Fox Searchlight just keeps hitting the mark. I’m struck, just now, by the fact that a good number of the movies I’ve loved most in the past few years have all come from the same company. It’s remarkable what a good eye these people have for quality scripts and talented filmmakers.
This weekend brings us their latest installment: Whip It, directed by Drew Barrymore and starring Ellen Page.
“Wait,” you say. “Drew Barrymore is a director now?” Apparently. And she actually does a pretty nice job. She had good material — the story is exactly the kind of off-beat, weird teenage quirk-drama that you hope will entirely replace what normally passes for teen movies these days: A girl renounces the beauty pageant circuit for the hyper-hip, rebellious, fun-drunk roller-derby. And the screenplay that delivers it is plucky, sharp and surprising.
But Barrymore doesn’t rely on all that to engage her audiences. She gets solid performances out of her rock star cast, and forms them into characters that are just as sympathetic as they need to be to make the story meaningful.
I have to admit that the film had flaws that bothered me. The biggest of which was the pacing; at a little under two hours, the film drags. The first act is too long, and there are more than a few unnecessary moments and, sometimes, entire scenes. This is a film that would have benefited from a shorter runtime.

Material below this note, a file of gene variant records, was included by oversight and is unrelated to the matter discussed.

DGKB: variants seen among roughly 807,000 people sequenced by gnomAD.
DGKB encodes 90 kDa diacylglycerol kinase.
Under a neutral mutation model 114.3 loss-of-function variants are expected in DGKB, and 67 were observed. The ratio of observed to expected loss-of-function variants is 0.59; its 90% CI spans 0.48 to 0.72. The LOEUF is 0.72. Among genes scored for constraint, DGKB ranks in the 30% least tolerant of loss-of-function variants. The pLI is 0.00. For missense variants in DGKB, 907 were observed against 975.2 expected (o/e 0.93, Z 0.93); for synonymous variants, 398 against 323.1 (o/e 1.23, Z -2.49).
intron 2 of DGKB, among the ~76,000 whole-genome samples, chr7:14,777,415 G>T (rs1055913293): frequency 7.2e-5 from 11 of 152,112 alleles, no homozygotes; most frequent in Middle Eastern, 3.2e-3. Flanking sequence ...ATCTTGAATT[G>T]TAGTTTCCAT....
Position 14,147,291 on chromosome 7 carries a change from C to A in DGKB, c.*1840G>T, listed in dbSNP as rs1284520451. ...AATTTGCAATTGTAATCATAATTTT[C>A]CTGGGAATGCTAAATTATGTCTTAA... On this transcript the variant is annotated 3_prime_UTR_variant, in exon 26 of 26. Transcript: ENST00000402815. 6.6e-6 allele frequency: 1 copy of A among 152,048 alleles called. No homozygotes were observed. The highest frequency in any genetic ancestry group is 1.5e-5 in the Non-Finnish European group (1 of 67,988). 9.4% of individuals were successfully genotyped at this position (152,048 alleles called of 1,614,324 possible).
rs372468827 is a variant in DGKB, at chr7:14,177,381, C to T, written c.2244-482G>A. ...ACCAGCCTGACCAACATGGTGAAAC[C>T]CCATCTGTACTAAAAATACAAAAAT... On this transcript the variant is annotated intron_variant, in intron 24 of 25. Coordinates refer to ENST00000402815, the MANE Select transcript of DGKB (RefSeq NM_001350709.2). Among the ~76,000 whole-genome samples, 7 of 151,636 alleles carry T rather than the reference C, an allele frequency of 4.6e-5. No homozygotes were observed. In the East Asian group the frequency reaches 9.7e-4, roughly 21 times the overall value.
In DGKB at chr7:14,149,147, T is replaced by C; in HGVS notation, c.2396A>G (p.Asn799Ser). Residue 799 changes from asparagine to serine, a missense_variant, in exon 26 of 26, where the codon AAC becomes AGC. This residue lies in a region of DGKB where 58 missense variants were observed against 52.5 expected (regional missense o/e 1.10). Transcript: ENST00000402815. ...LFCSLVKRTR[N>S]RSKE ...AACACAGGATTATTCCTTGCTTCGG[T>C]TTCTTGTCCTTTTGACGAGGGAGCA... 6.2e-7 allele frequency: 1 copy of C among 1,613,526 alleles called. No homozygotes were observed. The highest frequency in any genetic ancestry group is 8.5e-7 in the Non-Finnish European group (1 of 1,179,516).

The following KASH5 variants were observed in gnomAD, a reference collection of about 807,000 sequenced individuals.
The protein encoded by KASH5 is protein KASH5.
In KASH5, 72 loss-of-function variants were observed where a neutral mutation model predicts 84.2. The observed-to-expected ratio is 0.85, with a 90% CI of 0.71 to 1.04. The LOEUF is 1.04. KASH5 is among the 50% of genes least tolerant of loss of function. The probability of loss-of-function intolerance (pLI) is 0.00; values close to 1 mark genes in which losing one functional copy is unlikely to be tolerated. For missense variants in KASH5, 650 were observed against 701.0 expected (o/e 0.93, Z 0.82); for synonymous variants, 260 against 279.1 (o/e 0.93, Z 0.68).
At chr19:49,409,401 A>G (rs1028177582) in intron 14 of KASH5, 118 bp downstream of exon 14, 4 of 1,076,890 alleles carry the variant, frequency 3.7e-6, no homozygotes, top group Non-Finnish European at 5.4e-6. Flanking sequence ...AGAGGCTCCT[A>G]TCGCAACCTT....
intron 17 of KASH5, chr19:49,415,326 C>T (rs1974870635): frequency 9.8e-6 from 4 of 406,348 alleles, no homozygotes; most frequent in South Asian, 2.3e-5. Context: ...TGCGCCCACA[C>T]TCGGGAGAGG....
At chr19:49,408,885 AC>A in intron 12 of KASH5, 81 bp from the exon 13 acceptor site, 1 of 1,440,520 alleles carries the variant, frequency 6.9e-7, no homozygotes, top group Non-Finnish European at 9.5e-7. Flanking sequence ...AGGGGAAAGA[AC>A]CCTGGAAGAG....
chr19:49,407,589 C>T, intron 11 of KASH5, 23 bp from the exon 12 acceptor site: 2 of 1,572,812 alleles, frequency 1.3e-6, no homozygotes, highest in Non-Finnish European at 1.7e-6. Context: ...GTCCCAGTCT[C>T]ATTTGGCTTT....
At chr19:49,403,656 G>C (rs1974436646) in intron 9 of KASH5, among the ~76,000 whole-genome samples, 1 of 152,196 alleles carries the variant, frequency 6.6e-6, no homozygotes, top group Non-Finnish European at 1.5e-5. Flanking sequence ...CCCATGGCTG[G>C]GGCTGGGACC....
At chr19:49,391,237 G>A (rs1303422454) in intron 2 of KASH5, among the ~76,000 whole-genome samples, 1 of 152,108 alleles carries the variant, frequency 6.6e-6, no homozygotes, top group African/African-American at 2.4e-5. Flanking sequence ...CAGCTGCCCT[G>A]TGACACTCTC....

But pacing is a tough thing to nail. This is Barrymore’s directorial debut, and it would be a little unfair to expect her to be able to pull off a perfectly timed and structured film on her first time around the block. That said, the problem remains. The film was less entertaining than it could have been, and provides a powerful illustration of how important a film’s pace really is.
To offset the flaws, however, stood Ellen Page herself. She’s brilliant. We all loved Juno (if you didn’t, well, you’re wrong) and it was largely because of this profoundly talented actor (the word “actress” has fallen out of vogue). Not only can she pick her scripts, she delivers truly wonderful performances in pretty heavy roles. The character of Bliss in Whip It is every bit as unconventional as Juno was — and Page has gotten better in the interim. Her nuances are scene-stealing.
So I hope I’ve convinced you to check this one out. At the very least, it’s not a story you’ve heard a dozen times already and, at the most, it’s a pretty remarkable sports movie with a fantastic cast.
Jared Petersen is a film correspondent for Rhombus. He loves Ellen Page just as much as the rest of us.
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